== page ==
Excerpt taken from: Daniel Boone – The Life and Legend of an American Pioneer, by John Mack Faragher:
” After the meal one of the men asks Boone for a story, and he begins a tale but is interrupted by a man who claims that his story is “impossible.” With this remark Boone shuts up and despite urgings that he continue, he refuses to speak further. Later that evening, when he has retired to the room he shares with the son of the tavern keeper, the boy asks him about his silence. “I dislike to be in a crowd” Boone explains, and “would not have opened my lips had that man remained.” Well, we are alone now, says the boy, and he presses the old man to tell the story. “You shall have it, honey” says Boone, who has taken a fancy to him, and proceeds to tell of killing a ten foot, hairy giant he called a “Yahoo.” The Yahoos were giant beasts in human shape from Boone’s favorite book, Gulliver’s Travels. It was a tall tale that Boone repeated to a number of people during his last year, one such as he would have told in a winter camp.”
Yeahoh, Yahoo or Bigfoot?
“[Boone] was encamped with five other men on Red River,” Theodore Roosevelt relates in his Daniel Boone’s Move to Kentucky (1897), “and they had with them for their amusement ‘the history of Samuel Gulliver’s travels, wherein he gave an account of his young master, Glumdelick, careing [sic] him on a market day for a show to a town called Lulbegrud.’
“In the party who, amid such strange surroundings, read and listened to Swift’s writings was a young man named Alexander Neely. One night he came into camp with two Indian scalps, taken from a Shawnee village he had found on a creek running into the river; and he announced to the circle of grim wilderness veterans that ‘he had been that day to Lulbegrud, and had killed two Brobdignags in their capital.’ To this day the creek by which the two luckless Shawnees lost their lives is known as Lulbegrud Creek.”
Folktale scholar Hugh H. Trotti suggests that Boone’s tall tales may be the origin of some of the Bigfoot tales in North America. Could the term “Yeahoh” used for such a creature in the following story simply be a corruption of Swift’s “Yahoos”?
Once upon a time they’s a man layin’ out, and he went to a cave. And he was layin’ out in there and the Yeahoh come and throwed a deer in to him — something would come every day and throw a deer into him, and leave out. On time that Yeahoh come and got down in there wuth him and not long after that she had a kid. Then one time he took a notion to leave her and he would go to leave and she wouldn’t let him go. She’d make him come back. A-finally he got out and he got on a ship going to cross the waters. And he got started and rode off and left her. And she stood there and hollered and screamed after him. And when she seen he’d got away from her and she couldn’t go, why she tore the baby in two and throwed one half in after him.
—Told by Nancy McDaniel of Big Leatherfoot Creek, Perry County, KY to folktale collector Leonard Roberts, who published it under the title “The Origin of Man” in South From Hell-fer-Sartin (1955).
So okay, if Kentuckians heard it passed down from Boone, who got it from Swift, how did Swift learn of Yahoo tales? Or did he simply spin them from his imagination? One possible clue: though Nancy McDaniel’s tale is told in the hills, it mentions ships and “crossing the waters” as the escape route for the captive human.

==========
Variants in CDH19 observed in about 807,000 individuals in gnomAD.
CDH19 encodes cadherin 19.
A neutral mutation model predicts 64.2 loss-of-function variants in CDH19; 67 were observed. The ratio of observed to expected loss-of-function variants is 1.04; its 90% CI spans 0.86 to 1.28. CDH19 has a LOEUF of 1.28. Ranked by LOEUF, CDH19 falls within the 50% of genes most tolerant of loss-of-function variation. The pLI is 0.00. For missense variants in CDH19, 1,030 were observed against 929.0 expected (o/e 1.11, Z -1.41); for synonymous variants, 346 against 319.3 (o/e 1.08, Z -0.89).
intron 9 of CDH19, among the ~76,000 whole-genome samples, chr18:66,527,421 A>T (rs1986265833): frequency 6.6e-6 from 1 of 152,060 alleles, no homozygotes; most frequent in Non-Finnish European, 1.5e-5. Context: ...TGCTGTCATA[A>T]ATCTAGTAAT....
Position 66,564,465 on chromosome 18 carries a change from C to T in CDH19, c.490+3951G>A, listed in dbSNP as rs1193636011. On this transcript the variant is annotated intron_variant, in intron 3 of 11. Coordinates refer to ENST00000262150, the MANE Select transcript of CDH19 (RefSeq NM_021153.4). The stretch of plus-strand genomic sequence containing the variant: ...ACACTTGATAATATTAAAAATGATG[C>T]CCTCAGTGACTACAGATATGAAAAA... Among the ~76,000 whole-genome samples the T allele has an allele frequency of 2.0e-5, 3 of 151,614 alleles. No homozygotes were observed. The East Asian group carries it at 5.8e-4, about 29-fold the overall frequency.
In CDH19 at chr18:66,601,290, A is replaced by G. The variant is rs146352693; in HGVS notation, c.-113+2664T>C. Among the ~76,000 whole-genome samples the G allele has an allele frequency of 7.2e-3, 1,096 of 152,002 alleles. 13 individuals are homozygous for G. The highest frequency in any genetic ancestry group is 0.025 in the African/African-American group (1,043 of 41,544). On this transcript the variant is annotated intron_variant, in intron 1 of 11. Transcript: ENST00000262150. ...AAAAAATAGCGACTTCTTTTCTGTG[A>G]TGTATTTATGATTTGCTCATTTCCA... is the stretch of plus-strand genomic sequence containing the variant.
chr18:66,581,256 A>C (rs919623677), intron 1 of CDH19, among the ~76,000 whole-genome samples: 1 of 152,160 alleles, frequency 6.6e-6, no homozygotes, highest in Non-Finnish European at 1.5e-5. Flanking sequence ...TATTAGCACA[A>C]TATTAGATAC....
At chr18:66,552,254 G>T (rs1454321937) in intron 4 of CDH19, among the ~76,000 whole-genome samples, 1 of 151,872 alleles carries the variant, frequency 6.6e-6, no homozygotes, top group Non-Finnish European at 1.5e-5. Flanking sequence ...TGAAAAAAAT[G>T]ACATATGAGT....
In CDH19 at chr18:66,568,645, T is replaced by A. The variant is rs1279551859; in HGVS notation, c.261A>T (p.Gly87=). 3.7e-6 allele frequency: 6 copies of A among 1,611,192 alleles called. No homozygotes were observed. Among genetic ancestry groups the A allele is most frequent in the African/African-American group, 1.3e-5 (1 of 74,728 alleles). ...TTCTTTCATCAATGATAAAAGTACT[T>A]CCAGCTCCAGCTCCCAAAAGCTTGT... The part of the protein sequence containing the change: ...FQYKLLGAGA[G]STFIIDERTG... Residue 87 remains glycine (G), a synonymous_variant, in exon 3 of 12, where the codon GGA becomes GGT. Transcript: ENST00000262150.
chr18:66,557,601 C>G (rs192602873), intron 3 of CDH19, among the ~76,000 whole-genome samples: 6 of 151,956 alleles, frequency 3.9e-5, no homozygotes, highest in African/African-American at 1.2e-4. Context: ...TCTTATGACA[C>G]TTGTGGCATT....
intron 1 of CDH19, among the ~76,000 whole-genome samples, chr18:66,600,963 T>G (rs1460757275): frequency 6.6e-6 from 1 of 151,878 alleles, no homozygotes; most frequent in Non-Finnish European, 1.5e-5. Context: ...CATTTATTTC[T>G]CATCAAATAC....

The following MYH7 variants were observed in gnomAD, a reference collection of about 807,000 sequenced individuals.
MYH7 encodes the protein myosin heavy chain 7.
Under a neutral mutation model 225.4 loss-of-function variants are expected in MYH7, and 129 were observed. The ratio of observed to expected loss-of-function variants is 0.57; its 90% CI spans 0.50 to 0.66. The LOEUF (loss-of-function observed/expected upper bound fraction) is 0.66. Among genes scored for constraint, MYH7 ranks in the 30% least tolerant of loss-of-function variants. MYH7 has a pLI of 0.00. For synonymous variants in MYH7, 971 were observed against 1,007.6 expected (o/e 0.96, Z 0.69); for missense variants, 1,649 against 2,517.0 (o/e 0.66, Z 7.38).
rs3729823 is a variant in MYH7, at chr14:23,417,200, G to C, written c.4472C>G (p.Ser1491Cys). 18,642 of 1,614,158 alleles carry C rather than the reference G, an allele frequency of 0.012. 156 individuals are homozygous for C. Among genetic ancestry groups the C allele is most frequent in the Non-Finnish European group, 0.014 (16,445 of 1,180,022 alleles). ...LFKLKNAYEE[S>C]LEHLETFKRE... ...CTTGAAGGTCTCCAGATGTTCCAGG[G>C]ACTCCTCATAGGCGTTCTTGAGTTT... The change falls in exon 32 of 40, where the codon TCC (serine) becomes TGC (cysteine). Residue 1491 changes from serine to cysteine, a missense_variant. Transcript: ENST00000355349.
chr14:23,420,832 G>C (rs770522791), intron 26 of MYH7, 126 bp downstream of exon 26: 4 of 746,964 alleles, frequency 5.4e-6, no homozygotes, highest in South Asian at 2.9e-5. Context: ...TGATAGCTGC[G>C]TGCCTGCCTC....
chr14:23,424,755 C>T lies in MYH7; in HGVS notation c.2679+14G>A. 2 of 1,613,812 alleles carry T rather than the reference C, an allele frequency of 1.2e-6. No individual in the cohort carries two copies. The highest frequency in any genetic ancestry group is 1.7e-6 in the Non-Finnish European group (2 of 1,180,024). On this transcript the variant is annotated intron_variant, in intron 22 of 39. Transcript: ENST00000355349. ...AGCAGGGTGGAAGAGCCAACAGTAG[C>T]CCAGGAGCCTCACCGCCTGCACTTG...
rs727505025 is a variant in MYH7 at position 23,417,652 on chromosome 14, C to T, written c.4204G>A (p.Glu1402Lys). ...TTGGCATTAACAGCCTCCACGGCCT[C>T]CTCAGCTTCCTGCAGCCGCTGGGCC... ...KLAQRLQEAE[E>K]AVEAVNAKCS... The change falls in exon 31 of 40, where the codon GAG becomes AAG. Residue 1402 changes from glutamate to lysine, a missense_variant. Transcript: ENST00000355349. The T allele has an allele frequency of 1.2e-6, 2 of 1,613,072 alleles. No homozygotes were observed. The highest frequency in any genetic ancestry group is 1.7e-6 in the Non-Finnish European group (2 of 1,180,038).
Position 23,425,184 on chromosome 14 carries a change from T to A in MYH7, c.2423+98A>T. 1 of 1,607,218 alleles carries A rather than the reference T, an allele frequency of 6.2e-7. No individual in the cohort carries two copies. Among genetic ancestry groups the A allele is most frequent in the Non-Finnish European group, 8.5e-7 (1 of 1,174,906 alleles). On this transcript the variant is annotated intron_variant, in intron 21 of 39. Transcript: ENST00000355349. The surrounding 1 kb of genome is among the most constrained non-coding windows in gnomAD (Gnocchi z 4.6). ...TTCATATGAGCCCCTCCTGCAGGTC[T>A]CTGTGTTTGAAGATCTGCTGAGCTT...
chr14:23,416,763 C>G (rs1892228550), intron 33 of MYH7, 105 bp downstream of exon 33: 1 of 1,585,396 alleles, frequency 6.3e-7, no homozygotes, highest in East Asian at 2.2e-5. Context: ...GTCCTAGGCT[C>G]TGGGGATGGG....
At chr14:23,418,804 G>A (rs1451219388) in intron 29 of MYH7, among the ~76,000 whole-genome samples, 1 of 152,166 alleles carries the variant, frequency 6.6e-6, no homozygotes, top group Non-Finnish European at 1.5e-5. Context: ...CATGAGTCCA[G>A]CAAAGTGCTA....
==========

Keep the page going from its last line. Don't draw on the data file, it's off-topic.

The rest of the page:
Tales of women shipwrecked or marooned on an island populated by monkeys or apes, fed and housed by a dominant monkey and forced to cohabit and bear it offspring, before escaping and seeing their hybrid children murdered by the irate simian parent, may have arisen in early 16th century Portugal, and also exist in similar forms in the Americas and across Asia. The idea of a “semi-human” was also floating through scientific circles in the first half of the 18th century: in 1758 Carolus Linnaeus theorized that a form between man and ape existed, which he named Homo troglodytes.
Linguist Richard Stoney carefully states that Swift, a lover of wordplay, drew from many language sources, each of which refer to various personality facets of the Yahoos. But he also turns up the following morsel published in Australian Aboriginal Words in English (1835): “The natives are greatly terrified by the sight of a person in a mask calling him ‘devil’ or Yah-hoo, which signifies evil spirit.”
And from the 1844 edition: “They have an evil spirit, which causes them great terror, whom they call ‘Yahoo’ or ‘Devil-Devil’: he lives in the tops of the steepest and rockiest mountains, which are totally inaccessible to all human beings, and comes down at night to seize and run away with men, women or children, whom he eats up, children being his favourite food…The name… of Yahoo being used to express a bad spirit, or ‘Bugaboo’, was common also with the aborigines of Van Diem[e]n’s Land [Tasmania]…”
The tribes mentioned here are located in the region around Botany Bay (near Sydney and slightly westward), site of the first British settlement in Australia in 1788. Gulliver’s Travels was written in 1726. Did the aborigines, like early Kentuckians, absorb Swift’s tale from the new colonists and make it local, or did Swift, to create his characters, draw on much older aboriginal folktales, possibly passed along to him by seafarers pre-dating Cook? The debate continues.